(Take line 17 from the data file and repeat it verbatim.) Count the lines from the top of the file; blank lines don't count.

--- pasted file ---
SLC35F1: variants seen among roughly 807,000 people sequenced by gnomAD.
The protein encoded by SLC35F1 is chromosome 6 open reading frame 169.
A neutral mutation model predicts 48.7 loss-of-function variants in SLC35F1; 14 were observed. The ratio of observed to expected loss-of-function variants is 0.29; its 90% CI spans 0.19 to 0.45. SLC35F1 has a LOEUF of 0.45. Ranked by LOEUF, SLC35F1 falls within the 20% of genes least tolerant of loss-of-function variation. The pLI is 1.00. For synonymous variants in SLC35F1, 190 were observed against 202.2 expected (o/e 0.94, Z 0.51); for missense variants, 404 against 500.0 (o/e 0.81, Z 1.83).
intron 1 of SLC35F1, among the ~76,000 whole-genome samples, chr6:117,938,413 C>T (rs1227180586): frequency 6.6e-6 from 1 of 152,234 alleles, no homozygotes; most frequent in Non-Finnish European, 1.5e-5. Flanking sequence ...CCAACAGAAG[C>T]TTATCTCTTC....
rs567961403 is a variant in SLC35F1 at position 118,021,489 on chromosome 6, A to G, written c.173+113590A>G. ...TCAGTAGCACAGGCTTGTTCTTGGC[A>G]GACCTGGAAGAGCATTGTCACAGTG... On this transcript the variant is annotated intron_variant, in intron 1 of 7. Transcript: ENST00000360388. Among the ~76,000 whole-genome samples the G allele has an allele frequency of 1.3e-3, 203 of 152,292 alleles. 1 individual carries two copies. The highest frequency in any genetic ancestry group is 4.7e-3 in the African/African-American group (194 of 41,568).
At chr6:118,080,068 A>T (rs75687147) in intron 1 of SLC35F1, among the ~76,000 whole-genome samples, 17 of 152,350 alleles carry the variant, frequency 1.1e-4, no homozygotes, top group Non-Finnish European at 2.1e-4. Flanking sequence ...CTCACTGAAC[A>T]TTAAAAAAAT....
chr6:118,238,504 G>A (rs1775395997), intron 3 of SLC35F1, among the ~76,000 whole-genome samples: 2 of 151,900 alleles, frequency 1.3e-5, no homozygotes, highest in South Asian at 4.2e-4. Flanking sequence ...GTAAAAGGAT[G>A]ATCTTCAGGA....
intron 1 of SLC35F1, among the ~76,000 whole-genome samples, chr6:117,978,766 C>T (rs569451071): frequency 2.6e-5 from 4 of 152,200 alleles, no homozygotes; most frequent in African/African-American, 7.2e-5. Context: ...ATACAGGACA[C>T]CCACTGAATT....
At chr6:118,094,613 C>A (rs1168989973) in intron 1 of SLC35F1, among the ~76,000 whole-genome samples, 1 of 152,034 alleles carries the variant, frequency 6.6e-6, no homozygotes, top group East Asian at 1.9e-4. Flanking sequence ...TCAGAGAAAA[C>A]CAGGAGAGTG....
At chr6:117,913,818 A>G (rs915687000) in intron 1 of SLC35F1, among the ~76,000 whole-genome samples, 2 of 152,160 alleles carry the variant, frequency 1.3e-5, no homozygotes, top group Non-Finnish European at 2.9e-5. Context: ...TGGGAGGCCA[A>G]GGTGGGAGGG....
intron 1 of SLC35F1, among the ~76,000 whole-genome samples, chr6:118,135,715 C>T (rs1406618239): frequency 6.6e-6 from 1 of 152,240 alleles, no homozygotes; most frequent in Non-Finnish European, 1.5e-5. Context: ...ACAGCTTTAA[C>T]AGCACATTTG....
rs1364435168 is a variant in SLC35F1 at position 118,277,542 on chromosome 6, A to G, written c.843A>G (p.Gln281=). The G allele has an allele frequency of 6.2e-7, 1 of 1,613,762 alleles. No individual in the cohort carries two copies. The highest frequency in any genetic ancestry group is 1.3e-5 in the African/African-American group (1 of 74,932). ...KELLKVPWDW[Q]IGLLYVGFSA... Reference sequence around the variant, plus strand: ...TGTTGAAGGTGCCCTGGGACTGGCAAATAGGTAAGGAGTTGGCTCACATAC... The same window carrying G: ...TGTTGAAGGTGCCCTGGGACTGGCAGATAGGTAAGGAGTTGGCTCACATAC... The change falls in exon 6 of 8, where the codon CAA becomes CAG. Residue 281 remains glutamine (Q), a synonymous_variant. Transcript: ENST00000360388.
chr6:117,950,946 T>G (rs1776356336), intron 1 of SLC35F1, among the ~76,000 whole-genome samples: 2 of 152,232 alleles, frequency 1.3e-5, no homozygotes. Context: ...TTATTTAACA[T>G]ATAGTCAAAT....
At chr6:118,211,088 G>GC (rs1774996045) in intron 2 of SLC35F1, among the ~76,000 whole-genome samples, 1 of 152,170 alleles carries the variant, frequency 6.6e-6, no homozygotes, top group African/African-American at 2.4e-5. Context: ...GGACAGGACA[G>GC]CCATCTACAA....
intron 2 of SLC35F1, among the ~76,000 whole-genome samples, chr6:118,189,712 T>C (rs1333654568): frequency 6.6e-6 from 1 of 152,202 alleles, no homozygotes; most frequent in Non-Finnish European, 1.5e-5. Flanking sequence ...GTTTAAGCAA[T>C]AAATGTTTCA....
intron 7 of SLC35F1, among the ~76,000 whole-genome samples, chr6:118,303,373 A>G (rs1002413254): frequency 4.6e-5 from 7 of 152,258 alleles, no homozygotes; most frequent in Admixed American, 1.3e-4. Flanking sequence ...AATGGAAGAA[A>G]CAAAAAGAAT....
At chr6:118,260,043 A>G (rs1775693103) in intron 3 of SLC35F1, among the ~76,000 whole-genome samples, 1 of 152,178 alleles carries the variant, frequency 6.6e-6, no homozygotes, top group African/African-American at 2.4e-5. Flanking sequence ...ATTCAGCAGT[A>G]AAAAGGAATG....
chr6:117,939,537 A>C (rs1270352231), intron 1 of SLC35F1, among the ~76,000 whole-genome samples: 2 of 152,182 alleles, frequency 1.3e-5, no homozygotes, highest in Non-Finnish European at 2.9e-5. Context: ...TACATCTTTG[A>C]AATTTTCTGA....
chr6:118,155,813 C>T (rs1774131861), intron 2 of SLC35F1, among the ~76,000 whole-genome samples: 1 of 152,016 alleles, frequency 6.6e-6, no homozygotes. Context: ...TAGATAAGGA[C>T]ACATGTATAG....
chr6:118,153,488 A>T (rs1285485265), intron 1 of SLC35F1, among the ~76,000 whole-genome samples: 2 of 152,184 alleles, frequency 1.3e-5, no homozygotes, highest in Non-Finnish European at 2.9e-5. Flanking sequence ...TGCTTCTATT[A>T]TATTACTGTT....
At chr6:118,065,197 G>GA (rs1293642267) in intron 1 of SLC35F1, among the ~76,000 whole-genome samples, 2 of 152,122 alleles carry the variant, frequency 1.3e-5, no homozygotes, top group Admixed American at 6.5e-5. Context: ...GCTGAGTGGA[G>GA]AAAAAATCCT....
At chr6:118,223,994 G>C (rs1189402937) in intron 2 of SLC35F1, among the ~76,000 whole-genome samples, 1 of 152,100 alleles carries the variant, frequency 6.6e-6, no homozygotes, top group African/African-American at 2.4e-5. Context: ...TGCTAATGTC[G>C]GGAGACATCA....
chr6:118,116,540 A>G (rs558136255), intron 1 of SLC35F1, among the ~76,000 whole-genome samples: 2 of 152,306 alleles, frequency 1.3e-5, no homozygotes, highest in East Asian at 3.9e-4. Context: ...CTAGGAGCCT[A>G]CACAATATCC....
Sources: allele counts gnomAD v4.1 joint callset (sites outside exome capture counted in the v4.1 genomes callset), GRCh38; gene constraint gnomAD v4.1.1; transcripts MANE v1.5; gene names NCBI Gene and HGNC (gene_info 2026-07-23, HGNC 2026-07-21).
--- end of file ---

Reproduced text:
At chr6:118,260,043 A>G (rs1775693103) in intron 3 of SLC35F1, among the ~76,000 whole-genome samples, 1 of 152,178 alleles carries the variant, frequency 6.6e-6, no homozygotes, top group African/African-American at 2.4e-5. Flanking sequence ...ATTCAGCAGT[A>G]AAAAGGAATG....